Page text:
BYU Law Review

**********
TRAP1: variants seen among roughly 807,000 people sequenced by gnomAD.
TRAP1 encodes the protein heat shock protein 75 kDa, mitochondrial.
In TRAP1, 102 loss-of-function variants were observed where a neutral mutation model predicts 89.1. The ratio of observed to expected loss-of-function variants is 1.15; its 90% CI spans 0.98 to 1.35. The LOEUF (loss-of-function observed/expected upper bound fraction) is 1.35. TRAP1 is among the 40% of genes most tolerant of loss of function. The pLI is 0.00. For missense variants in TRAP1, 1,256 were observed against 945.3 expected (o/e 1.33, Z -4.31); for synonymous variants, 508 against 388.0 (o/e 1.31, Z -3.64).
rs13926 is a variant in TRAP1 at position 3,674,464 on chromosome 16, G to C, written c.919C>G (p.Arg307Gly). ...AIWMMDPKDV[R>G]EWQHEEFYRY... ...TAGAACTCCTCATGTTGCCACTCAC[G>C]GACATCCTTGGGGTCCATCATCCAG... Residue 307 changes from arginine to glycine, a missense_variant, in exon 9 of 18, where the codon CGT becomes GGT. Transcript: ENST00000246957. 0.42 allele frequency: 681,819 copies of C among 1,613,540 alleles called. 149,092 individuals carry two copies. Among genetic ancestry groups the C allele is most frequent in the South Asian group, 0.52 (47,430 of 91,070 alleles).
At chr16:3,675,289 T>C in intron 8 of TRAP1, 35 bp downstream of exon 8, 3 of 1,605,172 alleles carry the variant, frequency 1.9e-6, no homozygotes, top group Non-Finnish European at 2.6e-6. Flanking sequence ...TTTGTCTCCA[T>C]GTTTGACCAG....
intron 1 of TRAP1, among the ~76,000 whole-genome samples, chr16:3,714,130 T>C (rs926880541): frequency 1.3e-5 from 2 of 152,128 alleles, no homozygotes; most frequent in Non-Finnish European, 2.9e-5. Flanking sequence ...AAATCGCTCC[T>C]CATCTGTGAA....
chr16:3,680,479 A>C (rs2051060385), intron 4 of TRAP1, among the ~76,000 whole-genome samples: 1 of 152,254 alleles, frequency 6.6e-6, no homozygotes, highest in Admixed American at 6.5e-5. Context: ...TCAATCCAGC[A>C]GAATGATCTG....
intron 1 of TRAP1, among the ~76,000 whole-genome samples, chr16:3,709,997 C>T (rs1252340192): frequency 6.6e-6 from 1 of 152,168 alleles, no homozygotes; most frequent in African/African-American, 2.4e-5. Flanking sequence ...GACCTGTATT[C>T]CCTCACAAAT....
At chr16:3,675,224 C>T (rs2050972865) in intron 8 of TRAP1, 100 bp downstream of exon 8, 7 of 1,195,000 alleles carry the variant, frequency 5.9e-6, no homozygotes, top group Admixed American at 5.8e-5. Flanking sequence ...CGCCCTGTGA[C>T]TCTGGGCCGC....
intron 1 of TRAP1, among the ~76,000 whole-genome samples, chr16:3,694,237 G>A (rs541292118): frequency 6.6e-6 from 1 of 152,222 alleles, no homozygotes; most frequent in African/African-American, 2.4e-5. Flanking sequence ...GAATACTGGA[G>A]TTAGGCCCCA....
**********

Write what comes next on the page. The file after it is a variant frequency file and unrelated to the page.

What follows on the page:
The Indian subcontinent (India, Pakistan, and Bangladesh) has been a center for a variety of religious traditions. Its multicultural and multireligious character makes it a crucible for religious tolerance. The resurgence of local cultural and religious consciousness under the influence of modernity and globalization has resulted in increasing complications in relation to the interaction between religious traditions. Religious tolerance in independent Bangladesh also has always been a fundamental value. It has been cherished by the followers of all religions. The object of this article is to trace the history of religious freedom of religious minorities in Bangladesh. It also examines the controversy of the phrase of Bismillah-ar-Rahman-ar-Rahim, meaning “In the name of Allah, the Beneficent, the Merciful,” and the provision recognizing Islam as the state religion in the Constitution of Bangladesh. I argue that these are not inconsistent with secularism properly understood, i.e., a secularism that respects the equal citizenship (with equal human rights) of people of different faiths, but does not seek to banish religion from the public space.


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